The 2020-21 regular season is in the books for the Trail Blazers and the 2021 NBA Draft is only a day away. For the first time since 2016, the Blazers are set to enter draft night without a selection. However, that doesn’t mean that President of Basketball Operations Neil Olshey will sit on the sidelines during the process.
Today’s profile looks at Villanova forward Jeremiah Robinson-Earl. During his two-year run with the Wildcats, Robinson-Earl frequently showcased a modern NBA skill set.
- Height: 6’9”
- WT: 242
- Wingspan: 6’10”
- Shooting Hand: Right
- Position: PF
- Age: 20
- Projected draft range: 28-38
- PTS: 15.7 | Per 40: 18.2
- REB: 8.5 | Per 40: 9.8
- AST: 2.2 | Per 40: 2.6
- STL: 1.0 | Per 40: 1.1
- FG%: 49.7
- 3P%: 28.0
- FT%: 71.4
Robinson-Earl’s headlining attributes are tied to his superb court vision and feel for the game on both ends of the floor. On defense, he slides perfectly from one-on-one matchups to passing lanes. He utilizes a textbook stance to cut off angles to the rim and stay in front of quicker opponents. Due to his size and fundamentals, Robinson-Earl picked up multiple defensive assignments during his second year at Villanova. Robinson-Earl is an effective shot blocker and he avoids fouls by staying vertical.
Offensively, Robinson-Earl’s vision is just as impressive. He scans the floor for advantages and he is a stellar roll man in pick-and-roll situations. Once he receives the ball on the roll, he is an accurate secondary passer and solid finisher at the rim. Robinson-Earl’s fundamentals shine in the paint. He keeps the ball high and secure before finishing at the rim. In the open floor, he can create quick opportunities by bringing the ball up the court after securing a defensive rebound.
A quick glance at Robinson-Earl’s numbers from last season reveals that he is far from efficient from distance. He took a noticeable step back in accuracy as a sophomore, which raises concerns about his role as a modern forward in the NBA. Along with his outside shooting, Robinson-Earl does not create for himself off the dribble. His pull-up game is underdeveloped at this time.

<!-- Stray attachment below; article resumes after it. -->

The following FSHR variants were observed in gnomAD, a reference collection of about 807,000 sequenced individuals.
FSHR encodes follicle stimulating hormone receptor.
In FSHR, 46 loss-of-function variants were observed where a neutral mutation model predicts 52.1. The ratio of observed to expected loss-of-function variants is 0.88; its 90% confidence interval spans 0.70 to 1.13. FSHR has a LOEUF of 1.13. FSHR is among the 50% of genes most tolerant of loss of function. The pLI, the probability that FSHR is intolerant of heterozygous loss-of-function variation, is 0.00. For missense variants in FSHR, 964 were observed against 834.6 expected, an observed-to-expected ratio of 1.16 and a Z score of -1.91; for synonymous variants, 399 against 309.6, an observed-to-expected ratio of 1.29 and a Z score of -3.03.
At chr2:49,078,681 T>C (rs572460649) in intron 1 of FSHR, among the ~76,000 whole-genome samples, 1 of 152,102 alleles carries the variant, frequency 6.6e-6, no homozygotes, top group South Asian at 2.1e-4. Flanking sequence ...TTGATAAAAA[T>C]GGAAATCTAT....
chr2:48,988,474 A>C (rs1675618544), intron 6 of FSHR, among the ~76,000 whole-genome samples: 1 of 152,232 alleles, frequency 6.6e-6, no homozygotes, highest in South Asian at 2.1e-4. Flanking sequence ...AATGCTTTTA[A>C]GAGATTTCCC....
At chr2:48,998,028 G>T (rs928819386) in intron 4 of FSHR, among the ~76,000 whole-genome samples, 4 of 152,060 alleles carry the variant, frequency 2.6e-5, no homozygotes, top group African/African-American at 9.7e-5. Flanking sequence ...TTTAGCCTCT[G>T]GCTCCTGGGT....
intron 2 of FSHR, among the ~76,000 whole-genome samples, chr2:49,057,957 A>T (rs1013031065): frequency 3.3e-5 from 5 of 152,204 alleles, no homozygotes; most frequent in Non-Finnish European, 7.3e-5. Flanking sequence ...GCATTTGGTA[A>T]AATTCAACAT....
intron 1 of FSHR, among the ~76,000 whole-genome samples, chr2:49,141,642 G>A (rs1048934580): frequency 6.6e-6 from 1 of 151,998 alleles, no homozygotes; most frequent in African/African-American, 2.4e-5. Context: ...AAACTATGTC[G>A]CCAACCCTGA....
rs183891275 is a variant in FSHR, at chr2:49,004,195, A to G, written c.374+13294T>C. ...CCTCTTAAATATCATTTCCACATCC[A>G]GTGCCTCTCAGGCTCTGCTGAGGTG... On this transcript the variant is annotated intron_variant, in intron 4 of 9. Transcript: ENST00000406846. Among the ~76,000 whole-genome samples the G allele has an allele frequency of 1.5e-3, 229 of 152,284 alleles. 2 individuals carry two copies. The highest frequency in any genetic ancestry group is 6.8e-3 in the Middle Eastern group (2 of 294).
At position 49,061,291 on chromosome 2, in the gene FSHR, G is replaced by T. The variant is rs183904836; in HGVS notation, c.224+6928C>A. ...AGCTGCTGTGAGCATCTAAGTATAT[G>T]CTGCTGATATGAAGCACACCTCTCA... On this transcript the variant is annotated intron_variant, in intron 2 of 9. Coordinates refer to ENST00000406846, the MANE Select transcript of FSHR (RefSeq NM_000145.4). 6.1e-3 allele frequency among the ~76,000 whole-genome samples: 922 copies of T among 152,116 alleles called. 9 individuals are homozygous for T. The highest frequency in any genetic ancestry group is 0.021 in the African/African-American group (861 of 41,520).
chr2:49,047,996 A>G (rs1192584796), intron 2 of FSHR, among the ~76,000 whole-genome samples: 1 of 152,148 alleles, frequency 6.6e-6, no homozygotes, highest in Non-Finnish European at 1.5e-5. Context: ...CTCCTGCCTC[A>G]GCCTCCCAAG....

Athletically, Robinson-Earl relies on his fundamentals in matchups against smaller opponents. He is not an elite athlete and that could limit his versatility at the next level.
Robinson-Earl followed up his Big East Rookie of the Year campaign by securing Big East Player of the Year honors in his second season with the Wildcats. In the NCAA Tournament, he recorded a combined 40 points in Villanova’s two victories. In the Sweet 16, he produced eight points in a loss to Baylor.
Robinson-Earl fits the bill of a prospect that is poised to earn minutes early in his NBA career. His feel for the game gives him a distinct advantage over several of his peers. Robinson-Earl’s lack of shooting and top-end athleticism does lower his ceiling, though. Moving forward, he has the potential to log minutes as a small-ball five. That avenue could boost his list of suitors on draft night.
You can never have too many players with superb vision and feel for the game. Robinson-Earl plays to his strengths, limits turnovers and is actively engaged on defense. Those three attributes should pique the Blazers’ interest. He is a near-perfect understudy for Robert Covington on the defensive end. From a spacing standpoint, Robinson-Earl did shoot a serviceable 37.1 percent on his corner three-pointers.
Robinson-Earl could be just out of reach for the Blazers. The former Villanova standout could easily sneak into the first round.